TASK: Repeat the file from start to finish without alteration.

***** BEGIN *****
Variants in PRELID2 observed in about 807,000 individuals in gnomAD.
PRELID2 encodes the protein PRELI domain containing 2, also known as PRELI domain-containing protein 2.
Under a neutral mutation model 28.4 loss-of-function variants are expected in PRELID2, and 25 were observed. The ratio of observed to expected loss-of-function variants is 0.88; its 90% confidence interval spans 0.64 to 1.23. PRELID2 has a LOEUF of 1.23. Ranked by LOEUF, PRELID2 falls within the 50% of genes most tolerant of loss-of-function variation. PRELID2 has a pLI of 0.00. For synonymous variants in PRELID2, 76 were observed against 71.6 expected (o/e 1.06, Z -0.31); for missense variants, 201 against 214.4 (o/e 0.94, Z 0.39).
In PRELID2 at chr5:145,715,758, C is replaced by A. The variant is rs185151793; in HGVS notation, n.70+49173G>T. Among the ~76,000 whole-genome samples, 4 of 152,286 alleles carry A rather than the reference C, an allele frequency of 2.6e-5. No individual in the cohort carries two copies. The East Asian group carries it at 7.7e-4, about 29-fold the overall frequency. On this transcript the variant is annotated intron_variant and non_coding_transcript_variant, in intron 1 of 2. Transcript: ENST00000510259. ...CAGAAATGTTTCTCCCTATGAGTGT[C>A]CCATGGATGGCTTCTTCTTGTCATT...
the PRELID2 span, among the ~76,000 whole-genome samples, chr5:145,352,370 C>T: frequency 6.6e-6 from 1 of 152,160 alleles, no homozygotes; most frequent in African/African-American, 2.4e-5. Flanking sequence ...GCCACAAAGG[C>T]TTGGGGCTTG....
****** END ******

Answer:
Variants in PRELID2 observed in about 807,000 individuals in gnomAD.
PRELID2 encodes the protein PRELI domain containing 2, also known as PRELI domain-containing protein 2.
Under a neutral mutation model 28.4 loss-of-function variants are expected in PRELID2, and 25 were observed. The ratio of observed to expected loss-of-function variants is 0.88; its 90% confidence interval spans 0.64 to 1.23. PRELID2 has a LOEUF of 1.23. Ranked by LOEUF, PRELID2 falls within the 50% of genes most tolerant of loss-of-function variation. PRELID2 has a pLI of 0.00. For synonymous variants in PRELID2, 76 were observed against 71.6 expected (o/e 1.06, Z -0.31); for missense variants, 201 against 214.4 (o/e 0.94, Z 0.39).
In PRELID2 at chr5:145,715,758, C is replaced by A. The variant is rs185151793; in HGVS notation, n.70+49173G>T. Among the ~76,000 whole-genome samples, 4 of 152,286 alleles carry A rather than the reference C, an allele frequency of 2.6e-5. No individual in the cohort carries two copies. The East Asian group carries it at 7.7e-4, about 29-fold the overall frequency. On this transcript the variant is annotated intron_variant and non_coding_transcript_variant, in intron 1 of 2. Transcript: ENST00000510259. ...CAGAAATGTTTCTCCCTATGAGTGT[C>A]CCATGGATGGCTTCTTCTTGTCATT...
the PRELID2 span, among the ~76,000 whole-genome samples, chr5:145,352,370 C>T: frequency 6.6e-6 from 1 of 152,160 alleles, no homozygotes; most frequent in African/African-American, 2.4e-5. Flanking sequence ...GCCACAAAGG[C>T]TTGGGGCTTG....